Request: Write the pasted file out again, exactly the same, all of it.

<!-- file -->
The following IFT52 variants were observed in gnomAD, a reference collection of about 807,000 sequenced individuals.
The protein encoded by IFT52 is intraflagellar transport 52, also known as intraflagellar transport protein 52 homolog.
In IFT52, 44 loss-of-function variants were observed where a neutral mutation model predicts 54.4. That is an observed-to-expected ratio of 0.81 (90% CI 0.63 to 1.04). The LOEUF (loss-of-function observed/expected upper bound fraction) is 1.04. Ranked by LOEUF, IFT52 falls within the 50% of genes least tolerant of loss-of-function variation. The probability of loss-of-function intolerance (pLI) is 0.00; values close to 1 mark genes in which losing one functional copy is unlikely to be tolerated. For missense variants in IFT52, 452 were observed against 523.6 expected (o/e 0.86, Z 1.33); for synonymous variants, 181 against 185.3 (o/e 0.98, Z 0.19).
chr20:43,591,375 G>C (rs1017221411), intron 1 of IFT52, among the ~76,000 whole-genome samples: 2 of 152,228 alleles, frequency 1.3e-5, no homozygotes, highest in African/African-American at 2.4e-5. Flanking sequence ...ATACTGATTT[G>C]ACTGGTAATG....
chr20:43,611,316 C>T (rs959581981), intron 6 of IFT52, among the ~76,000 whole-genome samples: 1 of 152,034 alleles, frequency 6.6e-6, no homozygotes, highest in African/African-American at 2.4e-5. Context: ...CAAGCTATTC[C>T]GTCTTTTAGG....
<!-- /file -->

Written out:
The following IFT52 variants were observed in gnomAD, a reference collection of about 807,000 sequenced individuals.
The protein encoded by IFT52 is intraflagellar transport 52, also known as intraflagellar transport protein 52 homolog.
In IFT52, 44 loss-of-function variants were observed where a neutral mutation model predicts 54.4. That is an observed-to-expected ratio of 0.81 (90% CI 0.63 to 1.04). The LOEUF (loss-of-function observed/expected upper bound fraction) is 1.04. Ranked by LOEUF, IFT52 falls within the 50% of genes least tolerant of loss-of-function variation. The probability of loss-of-function intolerance (pLI) is 0.00; values close to 1 mark genes in which losing one functional copy is unlikely to be tolerated. For missense variants in IFT52, 452 were observed against 523.6 expected (o/e 0.86, Z 1.33); for synonymous variants, 181 against 185.3 (o/e 0.98, Z 0.19).
chr20:43,591,375 G>C (rs1017221411), intron 1 of IFT52, among the ~76,000 whole-genome samples: 2 of 152,228 alleles, frequency 1.3e-5, no homozygotes, highest in African/African-American at 2.4e-5. Flanking sequence ...ATACTGATTT[G>C]ACTGGTAATG....
chr20:43,611,316 C>T (rs959581981), intron 6 of IFT52, among the ~76,000 whole-genome samples: 1 of 152,034 alleles, frequency 6.6e-6, no homozygotes, highest in African/African-American at 2.4e-5. Context: ...CAAGCTATTC[C>T]GTCTTTTAGG....